It’s been a very long time since we bought anything that could be remotely associated with the term “souvenir” when we’re traveling. In the early years we’d bring home the odd T-shirt, or even a mug. We usually eschewed all those bits of knick-knacks that are always on offer no matter where you’re traveling. Even in cities like New York, look hard enough and you’ll find city memorabilia. Just take a walk down Yonge Street in Toronto and you’ll be assailed with all manner of flags, sweatshirts and crystal reproductions of the CN Tower.
But not for us. Travel shopping has taken on a whole new meaning.
The pleasures of consignment shopping on vacation are legion. And although we’re not vintage people (the only antiques you’ll find in our home are a gramophone Art inherited from his parents and an antique organ left to our son Ian by his grand-father that we’re housing until he puts down permanent roots or we sell it: whichever comes first). We like to be surrounded by new. But that doesn’t necessarily extend to everything in our lives. Case in point: our recent trip to Puerto Rico.
It all started two years ago when we spent a few days in San Juan en route to a southern Caribbean cruise. We had been in San Juan only once before – and only for one day. We had not been impressed. This time, however, we decided to give it a try. We discovered a city and an island that has the best of the old and the new. With miles of pristine beaches to walk, rain forests to explore and shops to discover, we were in heaven. On our last day in old San Juan as we wandered among the cobble-stoned streets lined with restored 400-year-old Spanish style buildings, we stumbled upon a small shop whose windows were filled with the most extraordinary jewelry we’d ever seen. Although we had already done our requisite vacation shopping (and had reached our customs limit which we will never exceed since we value our Nexus cards), we knew that we were window shopping only. We entered.
We chatted with the proprietor who knew that we were not buying, but that didn’t matter to him. He was delighted to show us anything and everything. Every necklace he put around Patty’s neck, every pair of shirt studs he showed Art all had a story. And these were stories we vowed we would return to hear more about. So, last month we were true to our word, and the shop was our first stop in old San Juan.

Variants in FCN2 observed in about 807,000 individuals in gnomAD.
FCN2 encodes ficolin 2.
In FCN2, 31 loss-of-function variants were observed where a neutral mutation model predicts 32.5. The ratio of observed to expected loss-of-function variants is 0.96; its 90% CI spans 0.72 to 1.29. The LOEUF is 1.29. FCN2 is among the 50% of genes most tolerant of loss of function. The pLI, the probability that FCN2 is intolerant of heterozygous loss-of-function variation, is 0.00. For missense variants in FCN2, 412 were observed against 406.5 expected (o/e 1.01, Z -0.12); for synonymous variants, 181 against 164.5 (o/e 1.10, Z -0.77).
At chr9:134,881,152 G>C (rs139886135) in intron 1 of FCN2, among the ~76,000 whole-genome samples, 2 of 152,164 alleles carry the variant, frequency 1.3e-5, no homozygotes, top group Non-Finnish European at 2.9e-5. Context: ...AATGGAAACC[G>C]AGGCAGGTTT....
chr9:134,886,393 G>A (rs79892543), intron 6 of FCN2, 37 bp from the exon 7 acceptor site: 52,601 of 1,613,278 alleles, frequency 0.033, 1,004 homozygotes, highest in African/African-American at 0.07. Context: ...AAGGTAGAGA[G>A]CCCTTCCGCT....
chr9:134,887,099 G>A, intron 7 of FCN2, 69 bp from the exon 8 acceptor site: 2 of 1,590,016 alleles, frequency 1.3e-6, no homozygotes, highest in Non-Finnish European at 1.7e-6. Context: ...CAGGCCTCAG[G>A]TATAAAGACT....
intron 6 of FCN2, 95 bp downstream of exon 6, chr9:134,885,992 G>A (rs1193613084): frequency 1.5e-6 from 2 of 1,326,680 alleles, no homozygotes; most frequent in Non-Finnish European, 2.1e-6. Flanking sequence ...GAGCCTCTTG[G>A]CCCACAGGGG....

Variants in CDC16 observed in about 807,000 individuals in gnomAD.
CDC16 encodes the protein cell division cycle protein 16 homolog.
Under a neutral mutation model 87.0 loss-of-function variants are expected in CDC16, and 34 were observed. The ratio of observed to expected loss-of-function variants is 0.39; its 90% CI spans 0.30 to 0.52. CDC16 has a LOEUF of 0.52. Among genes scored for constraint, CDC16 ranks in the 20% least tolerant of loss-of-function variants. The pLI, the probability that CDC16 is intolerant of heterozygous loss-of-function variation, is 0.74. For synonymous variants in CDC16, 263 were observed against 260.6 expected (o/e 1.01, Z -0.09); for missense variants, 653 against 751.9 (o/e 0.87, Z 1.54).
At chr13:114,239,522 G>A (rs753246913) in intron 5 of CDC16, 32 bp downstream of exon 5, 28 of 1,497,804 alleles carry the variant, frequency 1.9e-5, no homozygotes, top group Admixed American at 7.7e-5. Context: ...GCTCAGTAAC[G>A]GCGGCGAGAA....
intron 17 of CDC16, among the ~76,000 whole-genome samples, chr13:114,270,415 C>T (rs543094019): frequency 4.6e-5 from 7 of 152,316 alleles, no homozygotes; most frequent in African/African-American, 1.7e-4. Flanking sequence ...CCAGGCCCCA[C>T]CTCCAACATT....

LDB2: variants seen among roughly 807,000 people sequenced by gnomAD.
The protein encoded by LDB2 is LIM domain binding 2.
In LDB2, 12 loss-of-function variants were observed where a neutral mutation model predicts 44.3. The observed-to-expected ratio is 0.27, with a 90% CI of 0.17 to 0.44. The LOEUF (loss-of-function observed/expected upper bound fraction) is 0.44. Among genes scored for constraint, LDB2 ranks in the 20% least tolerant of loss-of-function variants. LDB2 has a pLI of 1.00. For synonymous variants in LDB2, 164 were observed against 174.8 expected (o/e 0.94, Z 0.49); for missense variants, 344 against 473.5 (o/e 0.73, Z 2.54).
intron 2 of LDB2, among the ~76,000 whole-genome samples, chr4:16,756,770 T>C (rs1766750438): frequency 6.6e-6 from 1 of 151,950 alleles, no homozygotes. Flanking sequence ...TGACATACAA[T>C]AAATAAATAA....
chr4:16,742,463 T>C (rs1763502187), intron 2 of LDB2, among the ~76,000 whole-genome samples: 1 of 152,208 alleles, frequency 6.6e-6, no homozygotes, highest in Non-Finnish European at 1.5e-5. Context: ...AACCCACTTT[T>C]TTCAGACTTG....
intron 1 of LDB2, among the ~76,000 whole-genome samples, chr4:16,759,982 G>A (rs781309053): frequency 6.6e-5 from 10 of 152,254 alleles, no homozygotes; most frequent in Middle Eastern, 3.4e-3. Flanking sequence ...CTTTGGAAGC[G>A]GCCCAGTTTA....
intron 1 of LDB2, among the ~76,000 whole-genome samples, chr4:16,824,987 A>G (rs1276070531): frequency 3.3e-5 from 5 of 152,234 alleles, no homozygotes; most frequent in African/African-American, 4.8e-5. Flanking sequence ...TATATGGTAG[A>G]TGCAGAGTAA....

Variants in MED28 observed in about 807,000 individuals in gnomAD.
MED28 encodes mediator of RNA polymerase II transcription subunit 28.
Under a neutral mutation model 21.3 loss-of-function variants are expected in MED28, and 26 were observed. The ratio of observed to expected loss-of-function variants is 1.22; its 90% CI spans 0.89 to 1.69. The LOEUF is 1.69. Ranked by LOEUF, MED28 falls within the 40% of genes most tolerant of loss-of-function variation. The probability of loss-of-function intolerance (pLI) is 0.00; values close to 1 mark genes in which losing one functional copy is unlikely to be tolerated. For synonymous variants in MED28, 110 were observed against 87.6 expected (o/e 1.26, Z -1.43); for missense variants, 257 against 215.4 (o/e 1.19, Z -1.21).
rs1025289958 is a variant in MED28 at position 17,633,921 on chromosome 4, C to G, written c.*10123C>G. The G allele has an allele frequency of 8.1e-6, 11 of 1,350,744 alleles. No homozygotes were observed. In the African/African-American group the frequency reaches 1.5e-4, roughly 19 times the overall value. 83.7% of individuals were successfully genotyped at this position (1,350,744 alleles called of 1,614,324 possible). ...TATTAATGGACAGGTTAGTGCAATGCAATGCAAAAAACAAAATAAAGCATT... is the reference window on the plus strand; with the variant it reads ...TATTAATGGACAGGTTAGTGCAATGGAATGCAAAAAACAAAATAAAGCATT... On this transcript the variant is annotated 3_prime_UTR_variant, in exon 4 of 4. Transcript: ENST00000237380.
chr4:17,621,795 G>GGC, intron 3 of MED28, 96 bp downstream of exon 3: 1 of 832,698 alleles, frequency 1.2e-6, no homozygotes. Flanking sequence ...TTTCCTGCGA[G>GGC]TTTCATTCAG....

With an unassuming exterior, Ramón López’s shop on calle Fortaleza is a treasure trove of history and beauty. And the proprietor himself, who next year will celebrate 50 years in business in this exact location, is a true gentleman, proud of his work and clearly possessed of an extraordinary eye for quality pieces.
Sr. López is a well-known figure in the vintage jewelry business, having been featured in magazine articles over the course of his storied career. His pieces are acquired mostly from direct purchases from Puerto Rican estates. As we tried on piece after piece, we were swept back to a time in San Juan’s history when the grand ladies would alight from carriages and make their way to the Teatro Tapia, built in 1832, now one of the oldest theaters in the western hemisphere. Their ball gowns would be exquisitely complemented by the necklaces adorning their throats and the bracelets dripping from their wrists. And now those pieces are in the cases at Ramón López Vintage and Estate Jeweler.
As Sr. López offered piece after piece of jewelry for us to try, Art commented that he had remarkable sales skills.
“No,” he said shaking his head, “There is no need when you have the merchandise.” With that he clasped another bracelet onto Patty’s wrist. So right he is!
Before we left, he shared with us several photos of his children – one a lawyer, the other a medical student – and introduced us to his wife, a lawyer, who looks after the business end of things now. We waved good-bye as we assured him we’d be back – then we emerged back into the brilliant sunshine of old San Juan.
Oh, did we buy anything? But of course!
Ramón López is located in old San Juan at 256 Fortaleza.
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